In 1/72 we all tend to use matt finishes because it looks nicer and more to scale, but if you look at the full size original tanks and aircraft some of them appear quite shiny in real life. Vehicles are a personal choice, but in that scale I think figures should be as matt as you can get them!

Hope that helps!

Robin.
First wooden ship: The Grimsby 12 Gun 'Frigate' by Constructo Second: Bounty DelPrado Part Works Third: HMS Victory DelPrado Part Works 1/100 scale
Diorama of the Battle of the Brandywine from the American Revolutionary War Diorama of the Battle of New Falkland (unfinished sci-fi), Great War Centenary Diorama of the Messines Ridge Assault
Index for the Victory diary is on page 1
Bluejay123
#6 Posted : 22 April 2020 12:10:13

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Hi again,
I recently bought a new matt varnish. Should I apply this all over my tank before adding washes on the vehicles? I read online that they advise a gloss varnish before adding washes, is the matt varnish fine as well?

Thanks.
Kev the Modeller
#7 Posted : 22 April 2020 14:43:59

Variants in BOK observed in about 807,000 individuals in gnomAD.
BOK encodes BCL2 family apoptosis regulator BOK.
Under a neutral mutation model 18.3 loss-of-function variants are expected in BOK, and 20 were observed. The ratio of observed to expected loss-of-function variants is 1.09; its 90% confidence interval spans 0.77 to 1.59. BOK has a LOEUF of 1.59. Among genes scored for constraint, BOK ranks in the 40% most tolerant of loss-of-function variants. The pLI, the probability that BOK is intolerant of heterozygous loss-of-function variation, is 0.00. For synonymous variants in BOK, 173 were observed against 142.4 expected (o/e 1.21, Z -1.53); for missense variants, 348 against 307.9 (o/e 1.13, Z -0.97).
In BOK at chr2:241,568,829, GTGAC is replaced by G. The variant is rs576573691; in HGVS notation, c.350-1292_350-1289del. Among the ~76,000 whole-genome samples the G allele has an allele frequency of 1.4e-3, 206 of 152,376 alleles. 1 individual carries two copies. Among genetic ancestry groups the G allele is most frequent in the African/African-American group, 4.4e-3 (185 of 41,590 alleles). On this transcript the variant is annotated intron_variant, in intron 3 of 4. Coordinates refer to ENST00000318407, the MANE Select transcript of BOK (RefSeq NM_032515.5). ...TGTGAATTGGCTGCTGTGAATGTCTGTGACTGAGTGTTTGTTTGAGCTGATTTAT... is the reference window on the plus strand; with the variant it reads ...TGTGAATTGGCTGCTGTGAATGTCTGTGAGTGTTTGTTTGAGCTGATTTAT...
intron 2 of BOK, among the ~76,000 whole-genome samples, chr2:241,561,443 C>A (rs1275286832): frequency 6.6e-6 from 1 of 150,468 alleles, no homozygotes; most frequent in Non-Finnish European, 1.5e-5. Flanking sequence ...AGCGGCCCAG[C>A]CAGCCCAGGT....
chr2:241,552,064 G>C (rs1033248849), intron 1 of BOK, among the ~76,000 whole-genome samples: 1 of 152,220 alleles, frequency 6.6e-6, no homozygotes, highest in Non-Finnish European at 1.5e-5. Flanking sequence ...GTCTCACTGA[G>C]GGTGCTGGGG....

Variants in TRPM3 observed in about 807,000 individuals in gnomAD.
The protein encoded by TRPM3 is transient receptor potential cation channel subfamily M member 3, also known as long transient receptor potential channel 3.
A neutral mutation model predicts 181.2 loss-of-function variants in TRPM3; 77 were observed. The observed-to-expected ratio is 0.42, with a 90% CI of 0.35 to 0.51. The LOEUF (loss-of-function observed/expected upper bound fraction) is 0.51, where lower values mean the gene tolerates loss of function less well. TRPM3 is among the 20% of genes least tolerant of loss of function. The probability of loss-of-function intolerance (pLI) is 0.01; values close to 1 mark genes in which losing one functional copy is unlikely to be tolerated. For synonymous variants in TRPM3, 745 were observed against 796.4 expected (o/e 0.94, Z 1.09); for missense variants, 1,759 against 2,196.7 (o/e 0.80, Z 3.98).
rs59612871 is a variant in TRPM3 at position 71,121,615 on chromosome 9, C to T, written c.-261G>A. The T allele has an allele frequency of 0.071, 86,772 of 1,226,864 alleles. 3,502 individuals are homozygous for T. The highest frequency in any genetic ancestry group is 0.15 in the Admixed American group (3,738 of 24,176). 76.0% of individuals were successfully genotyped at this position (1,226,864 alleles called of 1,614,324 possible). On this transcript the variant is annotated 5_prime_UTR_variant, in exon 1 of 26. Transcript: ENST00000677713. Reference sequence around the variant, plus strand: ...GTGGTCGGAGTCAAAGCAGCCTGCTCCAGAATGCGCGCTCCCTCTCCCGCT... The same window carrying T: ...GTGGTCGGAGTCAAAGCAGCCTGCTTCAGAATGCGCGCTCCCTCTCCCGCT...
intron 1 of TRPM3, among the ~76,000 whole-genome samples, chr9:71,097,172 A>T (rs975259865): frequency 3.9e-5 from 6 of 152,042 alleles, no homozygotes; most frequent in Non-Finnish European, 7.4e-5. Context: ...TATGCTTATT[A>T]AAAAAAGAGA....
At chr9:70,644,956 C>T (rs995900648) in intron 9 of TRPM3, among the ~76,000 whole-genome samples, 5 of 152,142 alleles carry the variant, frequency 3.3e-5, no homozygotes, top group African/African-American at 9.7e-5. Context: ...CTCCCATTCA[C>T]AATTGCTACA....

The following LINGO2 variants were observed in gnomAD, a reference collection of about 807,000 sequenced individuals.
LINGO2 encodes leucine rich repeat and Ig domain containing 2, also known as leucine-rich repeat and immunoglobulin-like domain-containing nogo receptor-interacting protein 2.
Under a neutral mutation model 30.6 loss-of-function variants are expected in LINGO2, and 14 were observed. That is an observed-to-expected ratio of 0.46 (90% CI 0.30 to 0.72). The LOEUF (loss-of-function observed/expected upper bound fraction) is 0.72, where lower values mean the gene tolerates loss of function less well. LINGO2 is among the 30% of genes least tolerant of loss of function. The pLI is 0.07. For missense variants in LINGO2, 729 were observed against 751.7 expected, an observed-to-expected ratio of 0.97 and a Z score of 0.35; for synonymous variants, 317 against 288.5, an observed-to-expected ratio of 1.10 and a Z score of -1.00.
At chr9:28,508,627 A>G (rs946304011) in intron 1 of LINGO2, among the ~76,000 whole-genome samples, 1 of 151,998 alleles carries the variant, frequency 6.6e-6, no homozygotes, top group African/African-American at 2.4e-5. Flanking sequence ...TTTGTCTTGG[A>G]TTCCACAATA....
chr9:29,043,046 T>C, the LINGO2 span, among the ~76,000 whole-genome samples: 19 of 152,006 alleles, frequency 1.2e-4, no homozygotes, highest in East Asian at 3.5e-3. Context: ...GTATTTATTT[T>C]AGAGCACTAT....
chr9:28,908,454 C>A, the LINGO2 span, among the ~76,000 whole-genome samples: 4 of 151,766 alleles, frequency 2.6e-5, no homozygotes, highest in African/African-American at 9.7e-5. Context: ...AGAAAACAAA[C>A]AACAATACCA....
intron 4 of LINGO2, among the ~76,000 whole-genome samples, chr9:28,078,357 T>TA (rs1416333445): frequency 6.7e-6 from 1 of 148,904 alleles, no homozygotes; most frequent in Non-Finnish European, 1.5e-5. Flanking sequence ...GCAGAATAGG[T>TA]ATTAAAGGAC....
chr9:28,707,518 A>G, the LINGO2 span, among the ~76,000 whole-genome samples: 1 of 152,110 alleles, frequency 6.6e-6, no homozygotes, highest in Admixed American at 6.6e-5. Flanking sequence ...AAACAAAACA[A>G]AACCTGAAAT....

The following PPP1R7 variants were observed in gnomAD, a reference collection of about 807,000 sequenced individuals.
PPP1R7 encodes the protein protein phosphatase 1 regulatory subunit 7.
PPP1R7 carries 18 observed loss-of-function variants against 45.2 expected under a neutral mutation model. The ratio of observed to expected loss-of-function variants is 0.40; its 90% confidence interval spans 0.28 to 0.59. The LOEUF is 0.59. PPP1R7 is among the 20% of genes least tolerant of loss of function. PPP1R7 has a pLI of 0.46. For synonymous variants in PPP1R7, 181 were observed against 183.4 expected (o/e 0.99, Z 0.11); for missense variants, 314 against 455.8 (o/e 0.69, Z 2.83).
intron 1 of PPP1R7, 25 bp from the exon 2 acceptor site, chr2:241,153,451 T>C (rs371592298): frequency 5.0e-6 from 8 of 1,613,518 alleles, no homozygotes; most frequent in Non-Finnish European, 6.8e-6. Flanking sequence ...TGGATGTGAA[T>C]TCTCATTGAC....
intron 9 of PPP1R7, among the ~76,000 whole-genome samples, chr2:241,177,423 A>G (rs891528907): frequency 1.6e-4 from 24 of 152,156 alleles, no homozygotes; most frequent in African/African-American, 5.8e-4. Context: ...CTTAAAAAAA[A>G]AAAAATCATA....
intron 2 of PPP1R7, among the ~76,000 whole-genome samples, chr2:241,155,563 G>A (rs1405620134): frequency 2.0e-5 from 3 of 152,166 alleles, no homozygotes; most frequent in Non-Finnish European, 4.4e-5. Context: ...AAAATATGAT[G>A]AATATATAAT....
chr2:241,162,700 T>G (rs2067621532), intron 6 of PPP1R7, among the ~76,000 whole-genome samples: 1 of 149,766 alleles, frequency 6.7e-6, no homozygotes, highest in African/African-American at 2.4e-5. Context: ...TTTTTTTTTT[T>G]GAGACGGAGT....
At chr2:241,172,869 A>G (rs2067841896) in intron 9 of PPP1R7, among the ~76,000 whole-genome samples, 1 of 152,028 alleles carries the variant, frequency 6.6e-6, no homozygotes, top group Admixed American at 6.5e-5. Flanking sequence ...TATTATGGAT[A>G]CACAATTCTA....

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Hello Bluejay,

Applying a gloss coat after you've painted your model is the correct next step and the reason you do that is that if you applied a matt coat after paint and then placed your decals over that you would be prone to getting what is known as 'silvering' of the decal film edges. That's where it looks like the decal hasn't stuck down properly at the edges and seems to have a layer of air trapped underneath it. It is in fact just that, a thin layer of air caused by the decal sitting on top of microscopic peaks in the matt paint caused by the matting agent which is usually chalk or talcum powder and not sitting fully flat. A bit like placing a sheet of ply across the top of a dozen molehills! Coating the paint in gloss varnish will prevent that and stop any 'silvering'.